An Easy Guide To Understanding The Entourage Effect
In marijuana terms, the entourage effect is a reference to the interaction of cannabinoids in our bodies.
The cannabis plant produces many unique chemical compounds that, when applied medicinally, set the plant apart from most modern medicines. Today, scientists have identified over 85 different unique molecules in cannabis known as cannabinoids, which include THC and CBD. The plant also produces many other non-cannabinoid compounds that have shown promise in regulating the body’s endocannabinoid system.
A gang of goodies
In addition to cannabinoids, the cannabis plant produces terpenes. Terpenes are mostly known for giving cannabis its unique smell, but they also have regulatory effects. In some cases, terpenes block cannabinoid receptors in the brain, and in other cases, they promote cannabinoid absorption.
THC and CBD have gotten a lot of the attention as the cannabis plant’s main products, terpene science is showing that they work together with the cannabinoids to enhance their effects – this interaction is known as the “entourage effect.”
By now, I hope you understand the difference between indica and sativa strains of cannabis. If you don’t, check out this article for an explanation.
There are thousands of different strains of cannabis and each one can have a different effect on the consumer. Some strains make you feel calm and relaxed, probably an indica, while others give you energy and sometimes anxiety, probably sativas. The distinction between these effects is found in the individual strain’s chemical profile.
The chemical components include, but are not limited to, terpenes, ketones, esters, lactones, alcohols, fatty acids, and steroids. When all of these components are consumed at once, they interact with each other, and ultimately the endocannabinoid system, to produce unique results.
If you were to isolate one of the chemical components and remove it from your cannabis, you may experience a completely different result. This is the entourage effect showing it’s full force.
If you use cannabis concentrates or edibles, you will really understand the entourage effect. When you smoke marijuana flower, you are generally getting the entire chemical profile that the plant has to offer. However, when you consume concentrates or edibles, some of the chemical constituents of the plant are isolated and removed. This is why the experience you have from smoking Blue Dream concentrate can be significantly different from smoking Blue Dream flower – and is certainly different from eating an edible infused with Blue Dream oil.
This is why the experience you have from smoking Blue Dream concentrate can be significantly different from smoking Blue Dream flower – and is certainly different from eating an edible infused with Blue Dream oil.
Take a look at this video. It shows the entourage effect by giving THC isolate and then introducing CBD isolate.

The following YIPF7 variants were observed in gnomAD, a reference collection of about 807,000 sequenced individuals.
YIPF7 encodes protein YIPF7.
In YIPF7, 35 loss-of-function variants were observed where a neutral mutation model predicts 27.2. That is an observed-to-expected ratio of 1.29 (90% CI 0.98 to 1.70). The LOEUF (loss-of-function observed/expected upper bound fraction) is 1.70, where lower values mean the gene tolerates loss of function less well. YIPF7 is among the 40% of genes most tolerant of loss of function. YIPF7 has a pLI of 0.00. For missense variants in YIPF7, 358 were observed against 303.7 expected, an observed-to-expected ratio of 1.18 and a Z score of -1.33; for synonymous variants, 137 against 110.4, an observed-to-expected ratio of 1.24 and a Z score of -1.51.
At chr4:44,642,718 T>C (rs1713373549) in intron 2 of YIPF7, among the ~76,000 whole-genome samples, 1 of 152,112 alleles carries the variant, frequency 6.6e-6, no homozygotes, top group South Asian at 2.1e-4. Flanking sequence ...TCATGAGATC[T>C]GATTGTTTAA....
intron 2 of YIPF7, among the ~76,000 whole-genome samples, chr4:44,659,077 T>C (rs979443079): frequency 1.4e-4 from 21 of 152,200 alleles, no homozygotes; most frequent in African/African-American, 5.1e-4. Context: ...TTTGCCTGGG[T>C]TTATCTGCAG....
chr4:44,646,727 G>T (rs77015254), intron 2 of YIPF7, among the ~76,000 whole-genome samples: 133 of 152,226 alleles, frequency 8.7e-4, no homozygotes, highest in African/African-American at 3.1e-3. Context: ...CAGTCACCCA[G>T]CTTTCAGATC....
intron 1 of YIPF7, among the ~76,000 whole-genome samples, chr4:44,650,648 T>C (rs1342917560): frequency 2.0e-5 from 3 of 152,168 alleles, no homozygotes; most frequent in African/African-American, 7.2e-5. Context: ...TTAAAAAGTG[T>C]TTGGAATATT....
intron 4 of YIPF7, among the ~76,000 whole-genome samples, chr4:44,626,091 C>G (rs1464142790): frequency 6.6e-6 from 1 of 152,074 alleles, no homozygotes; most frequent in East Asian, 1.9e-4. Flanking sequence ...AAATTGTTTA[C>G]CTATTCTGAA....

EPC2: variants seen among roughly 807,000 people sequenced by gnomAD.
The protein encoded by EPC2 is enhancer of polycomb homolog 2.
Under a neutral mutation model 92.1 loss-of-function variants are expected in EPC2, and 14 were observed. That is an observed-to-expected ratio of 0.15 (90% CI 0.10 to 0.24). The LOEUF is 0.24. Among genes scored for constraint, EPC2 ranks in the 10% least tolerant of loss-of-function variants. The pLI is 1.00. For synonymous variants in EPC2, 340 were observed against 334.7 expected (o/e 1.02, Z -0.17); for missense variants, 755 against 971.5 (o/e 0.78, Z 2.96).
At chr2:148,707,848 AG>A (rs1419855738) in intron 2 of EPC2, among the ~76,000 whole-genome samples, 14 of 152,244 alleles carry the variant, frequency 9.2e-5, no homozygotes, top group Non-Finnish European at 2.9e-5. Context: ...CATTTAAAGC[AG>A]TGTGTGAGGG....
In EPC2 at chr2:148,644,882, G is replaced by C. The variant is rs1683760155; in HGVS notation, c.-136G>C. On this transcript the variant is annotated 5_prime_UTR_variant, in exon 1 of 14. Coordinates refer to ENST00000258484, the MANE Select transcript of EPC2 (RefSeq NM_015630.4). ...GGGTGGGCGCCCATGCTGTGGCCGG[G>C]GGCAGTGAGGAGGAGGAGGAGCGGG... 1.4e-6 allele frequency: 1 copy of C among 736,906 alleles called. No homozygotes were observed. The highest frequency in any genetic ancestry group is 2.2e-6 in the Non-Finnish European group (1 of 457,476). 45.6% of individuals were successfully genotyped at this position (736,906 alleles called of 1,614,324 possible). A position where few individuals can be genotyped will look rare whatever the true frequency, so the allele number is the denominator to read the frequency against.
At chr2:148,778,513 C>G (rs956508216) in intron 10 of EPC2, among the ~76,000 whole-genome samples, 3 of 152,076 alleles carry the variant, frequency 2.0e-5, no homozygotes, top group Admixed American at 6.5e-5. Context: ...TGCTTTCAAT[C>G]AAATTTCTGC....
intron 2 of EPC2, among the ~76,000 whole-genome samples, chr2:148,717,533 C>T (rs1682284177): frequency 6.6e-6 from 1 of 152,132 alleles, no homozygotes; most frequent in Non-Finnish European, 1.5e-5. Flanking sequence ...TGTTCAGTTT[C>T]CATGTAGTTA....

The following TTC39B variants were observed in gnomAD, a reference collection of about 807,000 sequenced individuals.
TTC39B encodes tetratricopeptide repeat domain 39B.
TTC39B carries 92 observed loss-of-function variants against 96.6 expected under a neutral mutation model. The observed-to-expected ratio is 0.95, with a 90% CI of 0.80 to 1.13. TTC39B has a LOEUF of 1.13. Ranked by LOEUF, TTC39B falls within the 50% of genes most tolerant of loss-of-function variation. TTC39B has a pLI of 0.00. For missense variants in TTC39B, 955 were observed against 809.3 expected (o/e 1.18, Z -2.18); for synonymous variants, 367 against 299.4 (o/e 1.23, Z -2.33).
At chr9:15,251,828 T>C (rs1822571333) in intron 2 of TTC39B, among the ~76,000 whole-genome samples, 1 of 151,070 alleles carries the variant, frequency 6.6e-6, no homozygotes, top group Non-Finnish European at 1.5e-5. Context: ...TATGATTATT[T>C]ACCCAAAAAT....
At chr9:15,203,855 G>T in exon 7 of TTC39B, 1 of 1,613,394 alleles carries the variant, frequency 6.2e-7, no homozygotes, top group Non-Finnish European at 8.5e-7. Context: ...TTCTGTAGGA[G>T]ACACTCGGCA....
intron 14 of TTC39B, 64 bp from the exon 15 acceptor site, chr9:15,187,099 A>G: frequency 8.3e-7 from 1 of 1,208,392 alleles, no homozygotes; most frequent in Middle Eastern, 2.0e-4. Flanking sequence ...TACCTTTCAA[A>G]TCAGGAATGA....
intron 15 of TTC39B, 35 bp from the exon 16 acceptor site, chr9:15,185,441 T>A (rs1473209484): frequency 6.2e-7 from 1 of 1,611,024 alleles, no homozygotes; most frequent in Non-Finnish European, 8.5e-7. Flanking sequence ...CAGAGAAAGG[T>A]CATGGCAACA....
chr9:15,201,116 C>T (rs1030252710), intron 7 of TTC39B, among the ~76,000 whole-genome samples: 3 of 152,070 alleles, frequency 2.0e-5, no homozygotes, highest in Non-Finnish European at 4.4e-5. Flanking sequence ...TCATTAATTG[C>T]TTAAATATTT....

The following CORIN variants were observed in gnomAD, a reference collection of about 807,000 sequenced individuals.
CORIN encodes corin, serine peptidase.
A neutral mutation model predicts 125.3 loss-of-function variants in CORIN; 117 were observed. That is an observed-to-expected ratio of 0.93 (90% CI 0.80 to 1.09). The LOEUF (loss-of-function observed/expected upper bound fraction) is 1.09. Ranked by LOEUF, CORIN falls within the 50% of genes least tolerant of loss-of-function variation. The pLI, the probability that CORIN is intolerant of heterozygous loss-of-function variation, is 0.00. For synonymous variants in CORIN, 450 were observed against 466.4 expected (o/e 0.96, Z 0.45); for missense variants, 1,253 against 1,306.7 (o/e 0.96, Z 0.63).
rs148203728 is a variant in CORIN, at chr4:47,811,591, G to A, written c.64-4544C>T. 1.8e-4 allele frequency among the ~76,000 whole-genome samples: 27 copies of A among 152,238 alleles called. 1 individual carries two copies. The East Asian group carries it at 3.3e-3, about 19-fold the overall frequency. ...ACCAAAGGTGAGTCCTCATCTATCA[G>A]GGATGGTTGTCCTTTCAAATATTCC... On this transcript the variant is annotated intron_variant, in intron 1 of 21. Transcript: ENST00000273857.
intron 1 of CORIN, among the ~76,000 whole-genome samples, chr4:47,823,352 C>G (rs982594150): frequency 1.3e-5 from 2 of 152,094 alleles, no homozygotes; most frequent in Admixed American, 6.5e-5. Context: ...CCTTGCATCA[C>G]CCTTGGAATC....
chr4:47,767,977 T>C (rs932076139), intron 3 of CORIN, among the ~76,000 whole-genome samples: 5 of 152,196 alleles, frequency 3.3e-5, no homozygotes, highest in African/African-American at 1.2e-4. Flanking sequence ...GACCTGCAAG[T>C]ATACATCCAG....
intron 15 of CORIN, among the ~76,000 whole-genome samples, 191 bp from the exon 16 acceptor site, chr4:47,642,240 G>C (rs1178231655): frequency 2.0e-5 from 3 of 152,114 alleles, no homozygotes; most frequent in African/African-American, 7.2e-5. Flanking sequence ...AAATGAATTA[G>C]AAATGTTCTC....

Synthetic THC and the entourage effect
I recently wrote an article on some of the pharmaceutical drugs that have been developed from cannabis. The article points out that most of the drugs on the market utilize synthetic THC and contain little to no other cannabinoids or terpenes.
The FDA approved one of these drugs, Marinol, in 1985 for treating the side effects of chemotherapy. However, many doctors and patients agree that Marinol is a poor substitute for cannabis, perhaps because its synthetic THC is operating in the body without the assistance of the other cannabinoids and chemicals that our bodies need to achieve the desired results. Medical marijuana activist and neurosurgeon Dr. Sanjay Gupta explains,
“When the drug became available in the mid-1980s, scientists thought it would have the same effect as the whole cannabis plant. But it soon became clear that most patients preferred using the whole plant to taking Marinol. Researchers began to realize that other components, such as CBD, might have a larger role than previously realized.”
Whole plant cannabinoid extracts
Today, scientists and medical practitioners are finding that whole-plant cannabis extracts are superior to isolates in their medical application. These findings are almost certainly related to the logic of the entourage effect. THC and CBD can stand alone in their recreational applications, but as medicine, it seems imperative for these cannabinoids to be introduced with other chemical compounds naturally found in the cannabis plant.
Next time you are using concentrates, take note of the ingredients. Pay close attention to the listed terpenes and cannabinoid percentages. Compare the effects of consuming concentrates with those of consuming flower. There is something to the gang of cannabinoids that work together to stimulate your mind, body, and soul!
Have you noticed the entourage effect when consuming different forms of cannabis? Let us know on social media or in the comments section below.